Civil War Years


revsjpandersonThe Civil War Years

“St. Louisans were no strangers to slavery. Missouri had entered the Union as a slave state amid great controversy in 1821. Slavery lay at the heart of the  bloody border wars between Missouri and Kansas in the 1850’s, where men “went at each others’ throats like bloodhounds, ” according to Dr. Anderson. Because of the city’s location, St. Louis was  center for the domestic slave trade with connections to Natchez and New Orleans. Many “negro dealers” operated in the city, including Bernard Lynch, whose slave pen was located within walking distance – six blocks- of Central’s location at Eighth and Locust.”

“Churches were reluctantly drawn into the controversy. By 1861, all major denominations had divided over the issue.”

Central members were divided as well. Several prominent supporter of the Union cause. O.D. Filley, for example, elected mayor of St. Louis in 1858, headed the Committee of Safety during the war. Edward Bates spent most of the war years in Washington, serving as Lincoln’s Attorney General. Mrs. A.F. Shapleigh was active in the Western Sanitary Commission which established hospitals for wounded soldiers and supported other charitable organizations, including the Freedman’s Relief Society.

Andrew Park, on the other hand, was identified as a Southern sympathizer and assessed by the military for the cost of caring for war refugees pouring into St. Louis. The very first member of Central, John Wimer, was also a Southern symphathizer. Wimer had served two terms as mayor and was director of the Pacific Railroad. In the spring of 1862m he was arrested for disloyalty and held in the Gratiot Street Military Prison. He escaped while being transferred to the Alton Penitentiary, joined the Confederates and was killed in action in 1863 at the age of 52.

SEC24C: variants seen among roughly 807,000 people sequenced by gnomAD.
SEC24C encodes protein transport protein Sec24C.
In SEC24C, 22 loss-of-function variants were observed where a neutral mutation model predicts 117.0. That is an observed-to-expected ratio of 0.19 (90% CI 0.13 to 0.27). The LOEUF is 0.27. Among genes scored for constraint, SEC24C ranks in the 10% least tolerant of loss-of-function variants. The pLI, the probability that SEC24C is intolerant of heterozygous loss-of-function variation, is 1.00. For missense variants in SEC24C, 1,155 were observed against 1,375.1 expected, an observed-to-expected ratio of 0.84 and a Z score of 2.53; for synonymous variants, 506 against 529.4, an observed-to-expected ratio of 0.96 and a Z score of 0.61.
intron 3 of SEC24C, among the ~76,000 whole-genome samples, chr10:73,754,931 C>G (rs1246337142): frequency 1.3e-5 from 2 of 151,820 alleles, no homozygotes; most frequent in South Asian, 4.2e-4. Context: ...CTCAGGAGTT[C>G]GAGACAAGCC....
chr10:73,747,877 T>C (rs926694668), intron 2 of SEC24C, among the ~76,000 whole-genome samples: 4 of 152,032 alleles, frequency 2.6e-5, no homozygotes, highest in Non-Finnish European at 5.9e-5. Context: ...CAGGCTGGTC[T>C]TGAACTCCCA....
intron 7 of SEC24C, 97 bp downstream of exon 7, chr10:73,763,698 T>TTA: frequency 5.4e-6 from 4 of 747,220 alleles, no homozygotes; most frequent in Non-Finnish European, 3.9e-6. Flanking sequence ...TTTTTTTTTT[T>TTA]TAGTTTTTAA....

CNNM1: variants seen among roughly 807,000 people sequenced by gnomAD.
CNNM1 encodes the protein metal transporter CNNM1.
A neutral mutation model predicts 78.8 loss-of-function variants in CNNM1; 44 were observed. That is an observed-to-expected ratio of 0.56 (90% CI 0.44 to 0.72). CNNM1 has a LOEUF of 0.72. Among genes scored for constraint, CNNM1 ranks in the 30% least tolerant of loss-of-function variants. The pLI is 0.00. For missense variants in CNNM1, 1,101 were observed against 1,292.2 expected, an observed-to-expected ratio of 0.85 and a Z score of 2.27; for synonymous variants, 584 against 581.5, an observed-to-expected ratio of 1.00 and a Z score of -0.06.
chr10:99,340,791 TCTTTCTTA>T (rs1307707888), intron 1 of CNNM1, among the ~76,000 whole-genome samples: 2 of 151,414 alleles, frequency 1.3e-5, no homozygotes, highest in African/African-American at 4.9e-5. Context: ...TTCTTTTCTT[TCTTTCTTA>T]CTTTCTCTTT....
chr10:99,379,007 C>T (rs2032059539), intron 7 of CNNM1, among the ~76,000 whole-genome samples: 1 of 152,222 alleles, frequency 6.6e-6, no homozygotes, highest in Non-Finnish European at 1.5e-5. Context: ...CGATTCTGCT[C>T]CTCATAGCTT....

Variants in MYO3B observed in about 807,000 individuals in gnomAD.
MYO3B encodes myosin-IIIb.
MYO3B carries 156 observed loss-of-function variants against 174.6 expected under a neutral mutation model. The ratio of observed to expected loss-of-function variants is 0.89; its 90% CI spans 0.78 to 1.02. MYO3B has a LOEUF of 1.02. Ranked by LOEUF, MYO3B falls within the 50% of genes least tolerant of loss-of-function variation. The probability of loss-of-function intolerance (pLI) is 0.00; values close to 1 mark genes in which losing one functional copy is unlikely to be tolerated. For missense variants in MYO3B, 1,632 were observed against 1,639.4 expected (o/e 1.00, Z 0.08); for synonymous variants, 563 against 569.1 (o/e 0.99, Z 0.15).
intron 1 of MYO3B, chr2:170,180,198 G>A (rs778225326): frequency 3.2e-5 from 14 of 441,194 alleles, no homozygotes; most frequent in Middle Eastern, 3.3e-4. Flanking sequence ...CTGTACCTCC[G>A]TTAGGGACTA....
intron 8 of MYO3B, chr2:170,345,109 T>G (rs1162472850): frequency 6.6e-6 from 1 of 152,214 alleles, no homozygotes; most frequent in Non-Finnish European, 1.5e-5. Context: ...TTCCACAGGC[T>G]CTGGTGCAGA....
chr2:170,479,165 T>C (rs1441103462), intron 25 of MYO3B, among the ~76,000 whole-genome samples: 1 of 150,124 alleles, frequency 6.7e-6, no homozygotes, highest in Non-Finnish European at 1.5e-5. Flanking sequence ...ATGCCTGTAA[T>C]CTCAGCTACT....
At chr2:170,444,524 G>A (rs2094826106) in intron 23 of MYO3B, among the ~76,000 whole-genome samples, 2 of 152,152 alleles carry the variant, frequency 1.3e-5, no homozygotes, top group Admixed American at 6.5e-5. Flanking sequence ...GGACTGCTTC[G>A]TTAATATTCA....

“The war is wrong and I shall not pray for it.”

Following the Union defeat at Bull Run, President Lincoln called for a day of fasting. He asked citizens to ‘confess their sins before God, to implore his blessing, and to pray for their country and success of its arms.’ In preparation for that day, the Old School ministers met to discuss a combined prayer service for all their churches. As recalled by one of those present, ‘The question came up, Shall we keep the national fast, and in the usual way?’ To this [Dr. Anderson} replied, in substance, ‘Yes,let us keep the fast, but not such a fast as Lincoln calls for.’ It was asked, in what respect? Anderson replied, “Mr. Lincoln asks us to pray for the success of the Federal arms and I am not going to do it. The war is wrong, and I shall not pray for it.’

As the acknowledged leader within the St. Louis Presbytery, Anderson and like-minded colleagues succeeded in tabling all pro-Union motions through 1863. These motions sought to declare the rebellion a sin and urged the churches to actively support the Federal government. When it was discovered that Anderson’s son had joined the Confederate army, Anderson came under increasing attack in the newspapers. He was arrested and tried for disloyalty in military court in the summer of 1863.”

Excerpted from”Stones of Remembrance,” Marilyn McCarthy, 1994